When I was eight or nine (cannot really remember as it all happened in the last century), I was at school one day and noticed that all the boys in my class decided to entertain themselves by jumping through the classroom window. Before anyone starts gasping in horror, I just want to note that the school was a one-story building and the window was not anywhere near as high as some of the trees we climbed and jumped from at that time. Anyway, upon witnessing the boys having so much fun, I decided to join in on the excitement. I did jump but only to find out that the teachers were not so appreciative of my wish to have fun as they have been in regards to the boys. As a result, I was “disciplined” for exhibiting unbecoming of a girl behavior. None of the boys received even a warning. The explanation? It is acceptable for a young boy to play around and jump from windows, but it is most certainly not so for a young girl.
The reasons I am once again transported back to the past are the experience with this week readings for Torture class and with seeing MissRepresentation, all in the matter of a couple of days. That women and men are treated, viewed, and acknowledged differently is a secret to no one. The fact that everyone, not just a few men, are complicit into the continued disparity, however, does not often enter the discussion. One of the main points of MissRepresentation is that the ability to view and treat women and men differently is so ingrained in all of us, thanks to the impact of popular media, that without stopping to think twice we automatically judge women in politics, for example, on their appearance which incidentally has nothing to do with their ability to do their job. Or at least it shouldn’t. Therefore, instead of lamenting the reprehensible behavior of many men toward women, we need to target the system which allows such behavior to occur, and specifically the popular media that fuels it, and fight for a complete and transformative cultural change. Unfortunately, people have been proven to be quite resistant to change so persistence and consistency will be the main tools in this fight.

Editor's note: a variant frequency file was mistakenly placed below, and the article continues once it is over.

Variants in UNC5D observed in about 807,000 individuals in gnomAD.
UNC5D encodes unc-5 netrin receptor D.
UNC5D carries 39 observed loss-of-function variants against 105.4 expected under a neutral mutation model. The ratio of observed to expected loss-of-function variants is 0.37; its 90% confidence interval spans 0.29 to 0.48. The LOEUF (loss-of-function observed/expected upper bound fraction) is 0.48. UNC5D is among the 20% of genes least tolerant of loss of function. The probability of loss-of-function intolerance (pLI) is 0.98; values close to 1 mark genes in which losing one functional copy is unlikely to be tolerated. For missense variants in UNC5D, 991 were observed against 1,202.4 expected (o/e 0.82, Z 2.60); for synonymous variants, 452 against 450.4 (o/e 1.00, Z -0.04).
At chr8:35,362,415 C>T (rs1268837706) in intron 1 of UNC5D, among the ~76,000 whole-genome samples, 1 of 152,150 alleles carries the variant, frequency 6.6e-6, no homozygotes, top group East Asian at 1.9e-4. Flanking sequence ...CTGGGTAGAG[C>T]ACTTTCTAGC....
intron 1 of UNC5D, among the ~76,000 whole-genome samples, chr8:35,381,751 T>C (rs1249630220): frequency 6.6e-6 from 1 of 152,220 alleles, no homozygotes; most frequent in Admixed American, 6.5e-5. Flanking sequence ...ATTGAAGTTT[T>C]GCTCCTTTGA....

Demanding equal treatment and the inclusion of women in all spheres of life should not overshadow the fact that women are not necessarily better than men if by achieving equality, they begin to behave the same way men do. In the “Feminism’s Assumptions Upended,” Barbara Ehrenreich analyzes the degrading acts of women in the military and emphasizes the dangers of believing that women are in some way “morally superior” and that they just cannot be as dangerous as their male counterparts. Further, Ehrenreich highlights that feminism should not be happy that women are indeed equal to men when it comes to cruelty because this is certainly not the equality we seek. I do feel, however, that one of the reasons women in the military participate in acts that humiliate other human beings is to somehow prove that they deserve to be there along with the men. How come the only way to prove that a woman is just as strong and brave as a man is to show cruelty toward fellow human beings? It again comes down to a cultural shift and a redefinition of the concepts of bravery and cowardice.
As far as I am concerned, it is much easier to pull the trigger, to kick, to punch, to punish, to laugh at, and to humiliate than it is to not do all of the above. I guess I would rather be a coward than a brave “hero” exerting my power over defenseless fellow humans.